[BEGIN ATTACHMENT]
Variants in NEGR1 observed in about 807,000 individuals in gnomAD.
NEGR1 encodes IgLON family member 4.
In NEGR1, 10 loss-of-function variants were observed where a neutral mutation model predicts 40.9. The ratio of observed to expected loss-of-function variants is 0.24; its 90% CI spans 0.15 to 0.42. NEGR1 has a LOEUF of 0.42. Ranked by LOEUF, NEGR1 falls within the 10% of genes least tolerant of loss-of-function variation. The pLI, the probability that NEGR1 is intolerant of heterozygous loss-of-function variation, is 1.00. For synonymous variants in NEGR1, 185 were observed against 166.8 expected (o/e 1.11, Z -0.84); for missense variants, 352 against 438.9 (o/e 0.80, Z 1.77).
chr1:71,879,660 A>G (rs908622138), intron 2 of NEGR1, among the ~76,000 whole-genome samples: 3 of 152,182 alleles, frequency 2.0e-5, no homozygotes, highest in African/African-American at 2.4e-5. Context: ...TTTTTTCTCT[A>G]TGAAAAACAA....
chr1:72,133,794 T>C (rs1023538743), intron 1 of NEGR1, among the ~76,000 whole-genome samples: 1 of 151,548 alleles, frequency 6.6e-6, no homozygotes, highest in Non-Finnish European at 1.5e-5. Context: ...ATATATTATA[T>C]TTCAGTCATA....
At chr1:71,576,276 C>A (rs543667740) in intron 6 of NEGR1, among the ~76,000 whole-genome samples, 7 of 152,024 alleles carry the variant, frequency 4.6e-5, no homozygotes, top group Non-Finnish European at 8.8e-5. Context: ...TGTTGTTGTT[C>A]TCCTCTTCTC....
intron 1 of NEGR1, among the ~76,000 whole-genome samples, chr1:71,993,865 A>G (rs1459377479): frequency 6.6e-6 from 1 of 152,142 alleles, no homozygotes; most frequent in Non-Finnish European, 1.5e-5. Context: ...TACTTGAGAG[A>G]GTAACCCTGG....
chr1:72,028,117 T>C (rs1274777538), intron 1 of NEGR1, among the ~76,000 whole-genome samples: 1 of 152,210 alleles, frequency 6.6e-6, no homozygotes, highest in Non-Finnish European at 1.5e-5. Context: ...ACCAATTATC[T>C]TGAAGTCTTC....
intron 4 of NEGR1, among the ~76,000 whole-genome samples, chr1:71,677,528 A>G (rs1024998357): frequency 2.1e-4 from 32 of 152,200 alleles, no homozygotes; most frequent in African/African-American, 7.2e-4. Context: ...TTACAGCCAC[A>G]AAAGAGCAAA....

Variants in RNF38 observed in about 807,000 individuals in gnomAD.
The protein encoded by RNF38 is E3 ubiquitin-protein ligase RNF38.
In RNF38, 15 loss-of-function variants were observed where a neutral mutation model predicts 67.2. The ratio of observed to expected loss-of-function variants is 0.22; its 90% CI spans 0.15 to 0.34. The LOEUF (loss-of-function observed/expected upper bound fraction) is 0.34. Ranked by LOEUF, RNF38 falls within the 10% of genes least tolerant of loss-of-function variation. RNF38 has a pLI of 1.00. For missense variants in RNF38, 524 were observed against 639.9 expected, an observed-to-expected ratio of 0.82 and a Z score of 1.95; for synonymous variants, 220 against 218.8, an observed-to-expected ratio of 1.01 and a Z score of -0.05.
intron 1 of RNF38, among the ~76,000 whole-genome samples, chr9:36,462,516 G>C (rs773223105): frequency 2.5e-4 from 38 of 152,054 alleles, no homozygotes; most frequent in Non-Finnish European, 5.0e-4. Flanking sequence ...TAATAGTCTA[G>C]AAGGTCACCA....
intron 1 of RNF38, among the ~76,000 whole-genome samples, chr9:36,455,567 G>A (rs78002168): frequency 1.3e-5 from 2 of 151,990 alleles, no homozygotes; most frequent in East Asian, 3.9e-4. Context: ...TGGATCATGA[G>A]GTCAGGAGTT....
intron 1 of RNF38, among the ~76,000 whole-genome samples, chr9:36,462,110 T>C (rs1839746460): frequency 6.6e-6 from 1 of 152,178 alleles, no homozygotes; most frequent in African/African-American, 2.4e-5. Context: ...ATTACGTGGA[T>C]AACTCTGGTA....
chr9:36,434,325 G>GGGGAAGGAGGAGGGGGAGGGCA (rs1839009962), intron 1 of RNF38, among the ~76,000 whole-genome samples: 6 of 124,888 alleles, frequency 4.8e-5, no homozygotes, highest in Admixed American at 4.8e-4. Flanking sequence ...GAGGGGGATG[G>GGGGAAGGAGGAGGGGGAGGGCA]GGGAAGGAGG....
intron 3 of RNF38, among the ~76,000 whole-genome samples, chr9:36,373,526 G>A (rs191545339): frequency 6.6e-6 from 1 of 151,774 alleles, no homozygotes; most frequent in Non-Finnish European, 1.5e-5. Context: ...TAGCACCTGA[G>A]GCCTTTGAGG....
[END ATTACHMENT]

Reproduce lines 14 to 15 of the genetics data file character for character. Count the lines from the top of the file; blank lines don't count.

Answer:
intron 1 of RNF38, among the ~76,000 whole-genome samples, chr9:36,455,567 G>A (rs78002168): frequency 1.3e-5 from 2 of 151,990 alleles, no homozygotes; most frequent in East Asian, 3.9e-4. Context: ...TGGATCATGA[G>A]GTCAGGAGTT....
intron 1 of RNF38, among the ~76,000 whole-genome samples, chr9:36,462,110 T>C (rs1839746460): frequency 6.6e-6 from 1 of 152,178 alleles, no homozygotes; most frequent in African/African-American, 2.4e-5. Context: ...ATTACGTGGA[T>C]AACTCTGGTA....